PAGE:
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# A Mathematician Reads the Newspaper

by

With the same user-friendly, quirky, and perceptive approach that made

*Innumeracy*a bestseller, John Allen Paulos travels though the pages of the daily newspaper showing how math and numbers are a key element in many of the articles we read every day. From the Senate, SATs, and sex, to crime, celebrities, and cults, he takes stories that may not seem to involve mathematic ...morePaperback, 224 pages

Published
September 26th 1997
by Anchor
(first published April 6th 1995)

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## Community Reviews

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Jan 07, 2019
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"Un matemático lee el periódico" es una crítica al tratamiento de la información en los periódicos. Pero una crítica que se aleja de las convenciones de esta clase de obras, más centradas en inquirir acerca de las relaciones de poder insertas en los diarios que en abordar otros asuntos. La obra de Paulos, por el contrario, deja a un lado esas cuestiones y ubica la discusión en el campo de batalla matemático, psicológico-cognitivo y filosófico con el fin de disolver las groseras meteduras de pata
...more

Es de interés general, aunque las personas más familiarizadas con las matemáticas pueden sacarle más provecho. Después de esta lectura se tiene más atención con la publicidad y sus métodos. Por ejemplo, en el empaque de la sal de Himalaya aparece ...more

I appreciate why it isn't especially math-y, but that limits some of his arguments. Had he dropped a ...more

*Innumeracy*. He turns phrases beautifully and explains not-so-obvious mathematical phenomena very clearly. (For example, if you go up against a tennis player with whom you win 40 percent of your points, your chances of winning a match are only a paltry .05 percent - yes, one-twentieth of one percent. Sound crazy? The proof is on page 176 of the paperback edition.) My only complaint is that some of Paulos' ideas just ...more

Some of his points are more insightful than others, but he does provide many cool examples of ways to apply mathematics to the way we read newspapers.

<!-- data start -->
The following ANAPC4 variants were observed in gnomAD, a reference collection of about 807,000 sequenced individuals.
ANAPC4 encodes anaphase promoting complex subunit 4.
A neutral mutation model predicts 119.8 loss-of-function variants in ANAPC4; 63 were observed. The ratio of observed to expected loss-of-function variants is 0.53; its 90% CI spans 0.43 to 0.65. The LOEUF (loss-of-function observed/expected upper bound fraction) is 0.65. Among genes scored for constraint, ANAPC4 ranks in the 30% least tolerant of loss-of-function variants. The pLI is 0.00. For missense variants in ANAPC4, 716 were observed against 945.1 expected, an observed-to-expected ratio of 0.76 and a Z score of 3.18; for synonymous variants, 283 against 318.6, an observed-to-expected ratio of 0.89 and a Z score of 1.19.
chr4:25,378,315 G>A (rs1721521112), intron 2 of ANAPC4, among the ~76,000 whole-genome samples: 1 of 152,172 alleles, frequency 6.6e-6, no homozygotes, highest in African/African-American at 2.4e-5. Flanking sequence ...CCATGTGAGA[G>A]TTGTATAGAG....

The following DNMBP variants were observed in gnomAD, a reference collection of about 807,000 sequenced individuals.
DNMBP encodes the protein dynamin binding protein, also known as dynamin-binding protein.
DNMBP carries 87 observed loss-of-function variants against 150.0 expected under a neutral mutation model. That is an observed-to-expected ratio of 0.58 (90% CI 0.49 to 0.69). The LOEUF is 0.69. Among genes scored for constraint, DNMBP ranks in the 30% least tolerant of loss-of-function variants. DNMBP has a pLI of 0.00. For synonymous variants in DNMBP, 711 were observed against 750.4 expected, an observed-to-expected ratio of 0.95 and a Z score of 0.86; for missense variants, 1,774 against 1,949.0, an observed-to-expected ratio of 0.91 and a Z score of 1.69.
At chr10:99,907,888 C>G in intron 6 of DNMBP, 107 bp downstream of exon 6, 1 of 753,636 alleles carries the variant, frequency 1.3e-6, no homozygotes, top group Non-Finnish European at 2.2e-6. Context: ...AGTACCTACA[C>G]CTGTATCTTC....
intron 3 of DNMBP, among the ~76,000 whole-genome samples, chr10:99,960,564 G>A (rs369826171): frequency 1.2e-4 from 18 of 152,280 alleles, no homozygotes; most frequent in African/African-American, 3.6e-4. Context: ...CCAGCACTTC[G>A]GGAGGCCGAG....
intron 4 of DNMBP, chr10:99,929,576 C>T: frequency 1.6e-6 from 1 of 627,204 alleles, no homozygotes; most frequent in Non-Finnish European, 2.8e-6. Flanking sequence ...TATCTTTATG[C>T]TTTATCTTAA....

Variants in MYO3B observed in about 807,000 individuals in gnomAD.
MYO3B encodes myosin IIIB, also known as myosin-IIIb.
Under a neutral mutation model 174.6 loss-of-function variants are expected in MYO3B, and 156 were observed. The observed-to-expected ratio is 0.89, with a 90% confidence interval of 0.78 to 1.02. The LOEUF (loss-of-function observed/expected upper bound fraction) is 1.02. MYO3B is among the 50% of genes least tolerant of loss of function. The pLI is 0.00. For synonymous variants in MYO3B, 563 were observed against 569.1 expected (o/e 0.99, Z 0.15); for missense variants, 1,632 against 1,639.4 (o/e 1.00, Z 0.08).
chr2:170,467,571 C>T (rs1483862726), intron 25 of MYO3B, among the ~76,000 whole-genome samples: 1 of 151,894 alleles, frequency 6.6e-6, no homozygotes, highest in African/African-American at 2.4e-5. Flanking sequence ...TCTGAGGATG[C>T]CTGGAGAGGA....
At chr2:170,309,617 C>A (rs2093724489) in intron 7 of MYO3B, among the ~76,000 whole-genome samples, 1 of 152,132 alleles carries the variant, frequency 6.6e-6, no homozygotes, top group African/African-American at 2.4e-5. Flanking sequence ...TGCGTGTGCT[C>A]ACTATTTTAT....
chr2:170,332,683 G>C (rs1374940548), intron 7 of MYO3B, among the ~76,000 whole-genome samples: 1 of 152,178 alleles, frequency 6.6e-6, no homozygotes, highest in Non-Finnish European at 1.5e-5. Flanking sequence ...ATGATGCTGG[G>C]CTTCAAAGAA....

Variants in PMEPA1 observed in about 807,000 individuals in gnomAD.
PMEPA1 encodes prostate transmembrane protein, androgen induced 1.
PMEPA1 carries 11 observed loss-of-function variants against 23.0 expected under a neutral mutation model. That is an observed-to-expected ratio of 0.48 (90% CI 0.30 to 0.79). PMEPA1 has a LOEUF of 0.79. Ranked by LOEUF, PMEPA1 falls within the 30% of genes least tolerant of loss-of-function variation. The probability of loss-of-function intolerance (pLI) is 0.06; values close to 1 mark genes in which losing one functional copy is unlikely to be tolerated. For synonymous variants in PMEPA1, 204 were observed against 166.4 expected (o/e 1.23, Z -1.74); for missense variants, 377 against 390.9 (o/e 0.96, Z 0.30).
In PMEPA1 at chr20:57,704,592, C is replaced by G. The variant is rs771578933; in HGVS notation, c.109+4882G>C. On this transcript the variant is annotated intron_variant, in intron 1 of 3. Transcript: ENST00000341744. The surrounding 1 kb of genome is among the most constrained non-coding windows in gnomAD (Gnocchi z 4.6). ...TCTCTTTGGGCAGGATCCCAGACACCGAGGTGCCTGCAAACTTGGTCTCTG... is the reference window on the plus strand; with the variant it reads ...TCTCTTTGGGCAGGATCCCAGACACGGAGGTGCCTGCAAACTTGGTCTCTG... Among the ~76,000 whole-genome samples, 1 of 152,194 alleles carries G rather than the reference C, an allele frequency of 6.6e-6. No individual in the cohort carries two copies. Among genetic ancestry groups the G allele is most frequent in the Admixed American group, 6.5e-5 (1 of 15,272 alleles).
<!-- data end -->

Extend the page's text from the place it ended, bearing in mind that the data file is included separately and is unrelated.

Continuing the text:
Much less interesting and worthwhile than Innumeracy. Pretty disappointing.

**51 percent of the vote results in 100 percent of the power**

so, first off: paulos is not reading a specific newspaper or debunking specific articles. it's more like he's reading the general theory of newspapers, or is recalling a lifetime of said readership, and then tying those hazy memories and basic journalistic practices to some math concepts he's got right there in front of him.

in other words, the math is all very present. but if u want explicitly named errors in recent stories, ur gonna h ...more

*This review has been hidden because it contains spoilers. To view it, click here.*

The author loves the newspaper but is also critical of journalists and publishers. ...more

Al contrario de lo que puede sugerir el título, esto no es un curso de matemáticas ni un libro pensado para el especialista con un posgrado. Es para ese lector o lectora común y corriente que abre las hojas para informarse del mundo en el que vive. Es para detectar cómo los nú ...more

I would be curious ...more

Overall, a good reminder that the news is, for the most part, first about entertainment, and then about disseminating info ...more

My only gripe is that, at times, he makes the typical mathematician's error of using a heavily oversimplified ...more

It was OK, but not spectacular. There was too much wordiness and not enough math. I was hoping for a more detailed analysis with various examples of how math, statistics, graphs, etc are used to mislead or misinform newspaper readers. Instead, this is a very cursory touch on various slightly math-related political and economic concerns.

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